Glass Half Full: Vehicles say a lot about people | SierraSun.com

Glass Half Full: Vehicles say a lot about people

Ruth Glass
Glass Half Full

The last brand new car I purchased was in 2000, a snappy "patriot pearl" red Mitsubishi Eclipse Spyder. Sunday I went car shopping, fully expecting a browsing experience.

Had you asked me a week ago, I would have said I was in the market for a late model used vehicle. Which doesn't explain why I now own a 2018 Toyota Rav4 in "black currant." As a friend noted, they had me at "black currant."

While my husband and I have owned a number of cars during our 49-year marriage, buying a new one was a relative rarity. If I count correctly, we've owned 13 cars, starting with an inherited 1959 grey Buick that we painted green and called, "The Greening of America."

My parents picked up a brand new midnight blue MGB-GT in Germany that we purchased and drove it around Europe for a couple of months, but I count that as new.

For some folks, the vehicles they drive are simply conveniences. For many of us, our choices are more a reflection of personality and make a statement about driving in general. Think back to the very first car you owned, the one you actually purchased yourself.

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After moving to Tucson, a white 1960 Ford pickup replaced the MG and provided more space for our growing family. The pickup was replaced by a brand new yellow pop-top VW camper, which we owned for 14 years and many happy miles.

While speed was never its strength, and drafting behind semis was the best way to climb hills on highways, I could randomly park in even the largest lot and find the vehicle with no problem. Plus, the "kitchen" and bench seat allowed for storage of all kinds of equipment, from can openers to baseball mitts to sleeping bags. I still miss that camper.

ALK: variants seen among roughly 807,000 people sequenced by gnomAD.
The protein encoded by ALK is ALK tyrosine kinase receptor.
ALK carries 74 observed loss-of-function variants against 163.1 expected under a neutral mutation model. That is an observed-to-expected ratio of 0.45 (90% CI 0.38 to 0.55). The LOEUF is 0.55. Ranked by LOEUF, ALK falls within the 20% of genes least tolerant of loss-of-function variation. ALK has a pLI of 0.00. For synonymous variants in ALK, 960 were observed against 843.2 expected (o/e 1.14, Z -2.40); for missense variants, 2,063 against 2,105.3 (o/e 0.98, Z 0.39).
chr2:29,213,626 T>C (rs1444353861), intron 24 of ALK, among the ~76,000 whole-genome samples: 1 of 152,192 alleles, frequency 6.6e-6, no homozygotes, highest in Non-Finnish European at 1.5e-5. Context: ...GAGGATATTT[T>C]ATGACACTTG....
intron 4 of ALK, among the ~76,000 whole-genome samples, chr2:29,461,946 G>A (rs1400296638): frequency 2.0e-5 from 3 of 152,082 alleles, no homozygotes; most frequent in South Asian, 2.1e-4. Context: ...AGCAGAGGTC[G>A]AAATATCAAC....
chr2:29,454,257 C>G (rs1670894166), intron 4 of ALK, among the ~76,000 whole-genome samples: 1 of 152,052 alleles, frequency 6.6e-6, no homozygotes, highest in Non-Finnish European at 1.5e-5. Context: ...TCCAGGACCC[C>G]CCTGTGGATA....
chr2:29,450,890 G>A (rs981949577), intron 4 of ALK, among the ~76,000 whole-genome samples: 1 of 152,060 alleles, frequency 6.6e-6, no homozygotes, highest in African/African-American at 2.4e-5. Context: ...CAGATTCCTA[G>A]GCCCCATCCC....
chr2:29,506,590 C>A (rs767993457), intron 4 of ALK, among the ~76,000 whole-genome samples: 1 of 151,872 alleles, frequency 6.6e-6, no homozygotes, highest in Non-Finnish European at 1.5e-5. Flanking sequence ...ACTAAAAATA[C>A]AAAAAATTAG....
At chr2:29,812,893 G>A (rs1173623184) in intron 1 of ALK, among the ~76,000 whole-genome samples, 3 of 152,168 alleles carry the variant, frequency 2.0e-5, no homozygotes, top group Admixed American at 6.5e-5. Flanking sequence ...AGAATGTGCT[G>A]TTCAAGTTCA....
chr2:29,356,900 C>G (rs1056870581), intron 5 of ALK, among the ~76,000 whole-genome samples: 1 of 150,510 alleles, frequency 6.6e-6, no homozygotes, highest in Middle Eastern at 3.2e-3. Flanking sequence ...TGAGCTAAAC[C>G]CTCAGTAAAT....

The years between the pop-top and the Rav4 included a haze of used rental cars, all serviceable and appreciated, but nothing memorable until the "gently used" red Thunderbird with black leather interior and 5-speed stick shift.

Serviceable? I think not, but certainly a celebration of moving through the years of young children and into the empty nest phase, which definitely has advantages. The aforementioned Spyder replaced "T for 2" just prior to our move to Southern California. When it was stolen six years later, I replaced it with a 2001 silver model, which I traded for a Mazda Miata four years ago. Stick shift convertibles fit Lake Tahoe driving at least half of the year.

For some folks, the vehicles they drive are simply conveniences. For many of us, our choices are more a reflection of personality and make a statement about driving in general. Think back to the very first car you owned, the one you actually purchased yourself.

For many, just the thought of what was very likely second-hand and possibly even needed a push to jumpstart still evokes very special and appreciative memories. Those vehicles bespoke independence and a sense of growing up.

Likely, we had no choice in color and "bells and whistles" didn't exist. As I explore my brand new, beautiful car and recognize it will take months to find and figure out all the doodads, I appreciate the cars that brought me to this moment.

Ruth Glass is headmaster at Lake Tahoe School. She can be reached for comment through her blog at http://www.laketahoeschool.org.